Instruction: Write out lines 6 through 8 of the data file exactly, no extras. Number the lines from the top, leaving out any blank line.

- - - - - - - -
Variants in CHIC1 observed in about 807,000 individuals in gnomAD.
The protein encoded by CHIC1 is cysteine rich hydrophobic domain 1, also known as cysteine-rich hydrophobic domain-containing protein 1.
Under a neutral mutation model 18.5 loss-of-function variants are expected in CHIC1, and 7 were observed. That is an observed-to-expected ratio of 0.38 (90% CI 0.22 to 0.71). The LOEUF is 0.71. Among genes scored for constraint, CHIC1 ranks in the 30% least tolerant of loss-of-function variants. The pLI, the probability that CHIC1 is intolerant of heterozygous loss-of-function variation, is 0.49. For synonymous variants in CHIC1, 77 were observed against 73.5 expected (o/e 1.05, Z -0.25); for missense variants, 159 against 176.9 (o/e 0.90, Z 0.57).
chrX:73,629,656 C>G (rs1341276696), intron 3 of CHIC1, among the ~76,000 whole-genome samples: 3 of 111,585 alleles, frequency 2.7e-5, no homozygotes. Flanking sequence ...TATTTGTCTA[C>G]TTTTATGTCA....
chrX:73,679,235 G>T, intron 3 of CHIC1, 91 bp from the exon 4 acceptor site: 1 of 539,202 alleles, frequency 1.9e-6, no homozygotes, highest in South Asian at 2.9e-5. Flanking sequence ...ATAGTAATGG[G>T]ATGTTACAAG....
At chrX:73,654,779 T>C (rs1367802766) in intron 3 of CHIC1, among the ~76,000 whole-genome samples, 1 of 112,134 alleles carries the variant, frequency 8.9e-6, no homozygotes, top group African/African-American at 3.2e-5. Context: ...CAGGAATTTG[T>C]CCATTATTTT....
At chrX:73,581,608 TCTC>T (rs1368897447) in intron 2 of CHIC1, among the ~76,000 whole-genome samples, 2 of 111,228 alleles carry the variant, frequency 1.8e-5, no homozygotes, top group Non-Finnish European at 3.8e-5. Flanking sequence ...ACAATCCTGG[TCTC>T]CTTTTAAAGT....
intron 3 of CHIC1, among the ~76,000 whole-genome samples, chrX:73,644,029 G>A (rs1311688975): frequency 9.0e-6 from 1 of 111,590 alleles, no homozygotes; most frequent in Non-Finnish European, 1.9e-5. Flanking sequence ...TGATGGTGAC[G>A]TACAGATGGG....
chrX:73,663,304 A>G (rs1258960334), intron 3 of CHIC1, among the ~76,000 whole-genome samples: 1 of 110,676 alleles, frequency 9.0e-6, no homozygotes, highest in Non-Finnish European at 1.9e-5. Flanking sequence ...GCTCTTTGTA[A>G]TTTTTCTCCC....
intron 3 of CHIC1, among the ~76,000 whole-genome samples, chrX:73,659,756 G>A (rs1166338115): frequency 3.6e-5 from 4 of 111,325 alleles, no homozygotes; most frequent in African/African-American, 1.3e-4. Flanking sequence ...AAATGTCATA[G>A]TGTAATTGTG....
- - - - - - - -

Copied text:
At chrX:73,654,779 T>C (rs1367802766) in intron 3 of CHIC1, among the ~76,000 whole-genome samples, 1 of 112,134 alleles carries the variant, frequency 8.9e-6, no homozygotes, top group African/African-American at 3.2e-5. Context: ...CAGGAATTTG[T>C]CCATTATTTT....
At chrX:73,581,608 TCTC>T (rs1368897447) in intron 2 of CHIC1, among the ~76,000 whole-genome samples, 2 of 111,228 alleles carry the variant, frequency 1.8e-5, no homozygotes, top group Non-Finnish European at 3.8e-5. Flanking sequence ...ACAATCCTGG[TCTC>T]CTTTTAAAGT....
intron 3 of CHIC1, among the ~76,000 whole-genome samples, chrX:73,644,029 G>A (rs1311688975): frequency 9.0e-6 from 1 of 111,590 alleles, no homozygotes; most frequent in Non-Finnish European, 1.9e-5. Flanking sequence ...TGATGGTGAC[G>A]TACAGATGGG....